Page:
'Divvy' driver who ignored pleas to slow down jailed for 18 years for killing teens in Cramlington

Garry Robinson, jailed for causing death by dangerous driving
Garry Robinson, jailed for causing death by dangerous driving -Credit:Northumbria Police

A killer motorist who caused the death of two teenage passengers while high on cocaine and "driving like a divvy" ignored repeated requests to slow down in the moments before he crashed.

Garry Robinson killed Corey Mavin, 15 and Connor Lapworth, 18, who were in the back seat of his Suzuki Vitara when he lost control taking a bend at high speed and ploughed into an oncoming car head-on. He also left his 17-year-old front seat passenger and a 36-year-old woman in the car he hit seriously injured.

The crash happened around 9.30pm on December 22 last year on the A192 Hartford Bank, in Cramlington, Northumberland. Robinson was travelling north, on his way to Morpeth to go lamping, at excessive speed when he failed to negotiate a left hand bend, veering into the opposite carriageway and smashing into a Range Rover Evoque.

Newcastle Crown Court heard the 17-year-old told police Robinson was "driving like a divvy" on the 60mph road, which runs between Cramlington and Bedlington and said he thought he saw "110, 120mph, something stupid between there" on the speedometer and he said he was bracing himself because he knew what was coming.

He said he told him to slow down and he heard Connor tell him to "slow down and stop showing off and stop being a f****** divvy" but he ignored their pleas.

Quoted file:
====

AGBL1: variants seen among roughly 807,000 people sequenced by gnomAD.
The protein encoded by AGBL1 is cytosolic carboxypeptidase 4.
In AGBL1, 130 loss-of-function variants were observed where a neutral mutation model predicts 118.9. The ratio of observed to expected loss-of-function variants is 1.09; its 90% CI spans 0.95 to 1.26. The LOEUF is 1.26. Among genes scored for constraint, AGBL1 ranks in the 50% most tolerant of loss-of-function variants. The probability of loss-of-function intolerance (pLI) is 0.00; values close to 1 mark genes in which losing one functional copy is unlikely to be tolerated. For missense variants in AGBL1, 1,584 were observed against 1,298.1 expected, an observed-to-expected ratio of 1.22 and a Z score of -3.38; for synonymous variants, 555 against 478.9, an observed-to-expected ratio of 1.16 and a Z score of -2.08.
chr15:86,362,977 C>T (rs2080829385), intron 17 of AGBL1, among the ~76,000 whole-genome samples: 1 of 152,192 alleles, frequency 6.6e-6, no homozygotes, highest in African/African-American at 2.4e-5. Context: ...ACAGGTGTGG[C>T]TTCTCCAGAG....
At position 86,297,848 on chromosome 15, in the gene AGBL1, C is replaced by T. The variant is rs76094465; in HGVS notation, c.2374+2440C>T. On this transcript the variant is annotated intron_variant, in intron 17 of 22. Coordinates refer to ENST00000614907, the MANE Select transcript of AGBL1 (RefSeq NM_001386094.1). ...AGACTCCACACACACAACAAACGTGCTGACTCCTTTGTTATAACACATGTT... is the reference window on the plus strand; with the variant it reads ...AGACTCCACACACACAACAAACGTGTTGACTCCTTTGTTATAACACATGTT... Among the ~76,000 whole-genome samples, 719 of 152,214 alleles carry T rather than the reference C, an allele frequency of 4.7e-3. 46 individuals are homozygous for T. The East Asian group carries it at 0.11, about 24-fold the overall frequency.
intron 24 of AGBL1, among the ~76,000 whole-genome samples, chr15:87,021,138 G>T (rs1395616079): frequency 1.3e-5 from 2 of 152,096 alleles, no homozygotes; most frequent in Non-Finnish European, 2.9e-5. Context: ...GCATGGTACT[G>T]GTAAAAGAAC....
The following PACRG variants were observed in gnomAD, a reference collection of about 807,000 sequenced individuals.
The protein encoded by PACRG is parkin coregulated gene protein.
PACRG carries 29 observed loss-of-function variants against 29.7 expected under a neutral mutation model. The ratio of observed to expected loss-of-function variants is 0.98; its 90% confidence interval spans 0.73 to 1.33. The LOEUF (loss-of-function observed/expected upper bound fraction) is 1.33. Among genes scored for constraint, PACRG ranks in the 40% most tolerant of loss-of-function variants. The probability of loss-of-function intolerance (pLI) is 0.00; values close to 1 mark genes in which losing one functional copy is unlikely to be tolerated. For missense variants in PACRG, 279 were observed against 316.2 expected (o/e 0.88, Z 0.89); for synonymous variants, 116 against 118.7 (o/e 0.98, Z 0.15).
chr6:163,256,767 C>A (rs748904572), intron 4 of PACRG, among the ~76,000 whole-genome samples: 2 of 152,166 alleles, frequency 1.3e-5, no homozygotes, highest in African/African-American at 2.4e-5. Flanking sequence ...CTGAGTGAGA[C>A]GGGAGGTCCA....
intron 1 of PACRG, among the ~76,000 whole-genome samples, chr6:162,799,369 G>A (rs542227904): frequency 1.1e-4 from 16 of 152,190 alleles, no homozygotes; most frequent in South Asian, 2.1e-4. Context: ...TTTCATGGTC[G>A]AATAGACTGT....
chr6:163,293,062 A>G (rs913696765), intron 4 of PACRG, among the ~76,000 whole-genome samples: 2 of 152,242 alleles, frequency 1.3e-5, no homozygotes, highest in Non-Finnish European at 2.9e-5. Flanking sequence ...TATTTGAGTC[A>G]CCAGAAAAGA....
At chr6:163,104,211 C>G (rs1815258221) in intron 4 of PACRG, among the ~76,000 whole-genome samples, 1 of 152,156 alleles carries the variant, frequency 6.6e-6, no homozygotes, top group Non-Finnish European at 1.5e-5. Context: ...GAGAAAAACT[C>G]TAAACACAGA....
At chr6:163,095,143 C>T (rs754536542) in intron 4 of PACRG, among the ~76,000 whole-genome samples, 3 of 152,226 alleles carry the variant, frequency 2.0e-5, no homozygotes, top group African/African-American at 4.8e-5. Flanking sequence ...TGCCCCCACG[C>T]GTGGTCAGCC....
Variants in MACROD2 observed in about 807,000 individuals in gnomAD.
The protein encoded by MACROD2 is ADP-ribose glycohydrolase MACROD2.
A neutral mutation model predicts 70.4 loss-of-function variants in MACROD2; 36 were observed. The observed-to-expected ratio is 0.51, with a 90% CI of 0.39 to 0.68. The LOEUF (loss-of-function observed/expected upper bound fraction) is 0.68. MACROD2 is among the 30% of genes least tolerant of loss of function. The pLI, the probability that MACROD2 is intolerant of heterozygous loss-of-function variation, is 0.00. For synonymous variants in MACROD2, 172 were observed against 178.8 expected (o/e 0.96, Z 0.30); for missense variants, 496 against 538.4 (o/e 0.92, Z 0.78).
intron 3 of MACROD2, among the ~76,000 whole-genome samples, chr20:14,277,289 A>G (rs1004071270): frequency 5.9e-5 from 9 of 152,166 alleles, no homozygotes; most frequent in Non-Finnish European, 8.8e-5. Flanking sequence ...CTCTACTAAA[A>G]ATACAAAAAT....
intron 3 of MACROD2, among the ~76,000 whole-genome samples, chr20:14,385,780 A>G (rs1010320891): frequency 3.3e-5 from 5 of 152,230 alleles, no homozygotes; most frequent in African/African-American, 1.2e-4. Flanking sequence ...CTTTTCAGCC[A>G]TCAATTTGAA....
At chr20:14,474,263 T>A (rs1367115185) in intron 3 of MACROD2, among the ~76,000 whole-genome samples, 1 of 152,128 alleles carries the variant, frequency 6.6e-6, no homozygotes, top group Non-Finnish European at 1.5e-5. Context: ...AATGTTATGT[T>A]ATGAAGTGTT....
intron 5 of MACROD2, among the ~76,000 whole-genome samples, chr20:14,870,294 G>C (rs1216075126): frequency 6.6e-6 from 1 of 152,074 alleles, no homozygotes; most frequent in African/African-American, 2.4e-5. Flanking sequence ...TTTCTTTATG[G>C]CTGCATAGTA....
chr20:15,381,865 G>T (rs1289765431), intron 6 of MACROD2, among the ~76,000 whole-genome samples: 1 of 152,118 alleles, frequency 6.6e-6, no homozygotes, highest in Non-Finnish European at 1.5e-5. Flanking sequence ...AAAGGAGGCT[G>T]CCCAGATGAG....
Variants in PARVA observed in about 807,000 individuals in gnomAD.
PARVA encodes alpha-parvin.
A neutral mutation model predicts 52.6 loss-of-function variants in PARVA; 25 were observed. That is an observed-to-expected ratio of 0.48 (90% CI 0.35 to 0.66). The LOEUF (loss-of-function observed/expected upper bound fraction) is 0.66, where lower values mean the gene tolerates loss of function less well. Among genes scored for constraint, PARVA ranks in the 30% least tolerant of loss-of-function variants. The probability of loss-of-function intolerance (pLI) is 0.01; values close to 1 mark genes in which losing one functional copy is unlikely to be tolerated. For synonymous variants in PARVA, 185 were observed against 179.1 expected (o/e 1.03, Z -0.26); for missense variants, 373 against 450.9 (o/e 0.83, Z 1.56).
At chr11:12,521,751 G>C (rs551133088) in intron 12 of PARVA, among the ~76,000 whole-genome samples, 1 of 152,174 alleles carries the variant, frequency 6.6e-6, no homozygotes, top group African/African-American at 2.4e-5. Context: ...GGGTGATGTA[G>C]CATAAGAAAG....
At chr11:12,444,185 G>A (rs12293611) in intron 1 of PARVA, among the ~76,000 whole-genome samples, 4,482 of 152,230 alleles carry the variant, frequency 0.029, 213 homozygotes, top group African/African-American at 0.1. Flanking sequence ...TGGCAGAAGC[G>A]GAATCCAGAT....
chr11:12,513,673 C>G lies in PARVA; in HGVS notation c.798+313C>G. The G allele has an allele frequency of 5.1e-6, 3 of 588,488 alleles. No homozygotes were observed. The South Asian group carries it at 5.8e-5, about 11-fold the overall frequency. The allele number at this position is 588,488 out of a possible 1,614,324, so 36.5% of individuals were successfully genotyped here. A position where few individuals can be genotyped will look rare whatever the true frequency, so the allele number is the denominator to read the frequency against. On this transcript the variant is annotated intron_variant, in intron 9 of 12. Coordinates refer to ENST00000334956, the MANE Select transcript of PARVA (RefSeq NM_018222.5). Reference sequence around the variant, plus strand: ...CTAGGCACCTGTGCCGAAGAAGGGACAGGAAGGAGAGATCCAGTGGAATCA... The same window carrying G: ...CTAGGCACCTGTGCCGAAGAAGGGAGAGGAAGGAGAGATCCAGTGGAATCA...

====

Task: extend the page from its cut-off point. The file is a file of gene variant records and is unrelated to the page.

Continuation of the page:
As Robinson was jailed for 18 years, Corey's mum, Lisa Mavin, bravely went in the witness box to read her victim impact statement, saying she wanted to look Robinson in the eye. Fighting back tears, she said on a number of occasions: "Corey, only 15, just turned 15, forever 15."

She added: "I've lost my son and best friend and protector. His younger brothers constantly cry themselves to sleep.

"The last words we spoke were that afternoon on the phone. All I can recall was him saying 'love you mam'.

"Time is not a healer, in fact it's worse now. He will not achieve his dream to be a footballer.

"Corey's room is still the same way he left it. His Christmas stocking is still hanging up.

"It was not only Corey and Connor. A part of us all went with them too. We are all forever broken."

Judge Christopher Prince said he hoped media reports of Lisa's statement and the impact of the fatal crash might deter others from driving dangerously and save lives.

Lisa added: "It's absolutely broken a community. It's horrible, it's absolutely awful." She told the judge: "No sentence is going to be enough - you could lock him away for 100 years, that doesn't bring the boys back.

"Even the death sentence would not be good enough for what he has done. He has got kids himself, he needs to think how would he feel - he would want to kill them. I'm not a violent person. He has got to understand the hatred that there is towards him."

Connor's mum, Jen Lapworth, said in a victim impact statement that her eldest son had become a father six months before he died. She added: "I don't think I can put into words the devastation I feel every day. There is part of us missing, there is a deep hole in our hearts.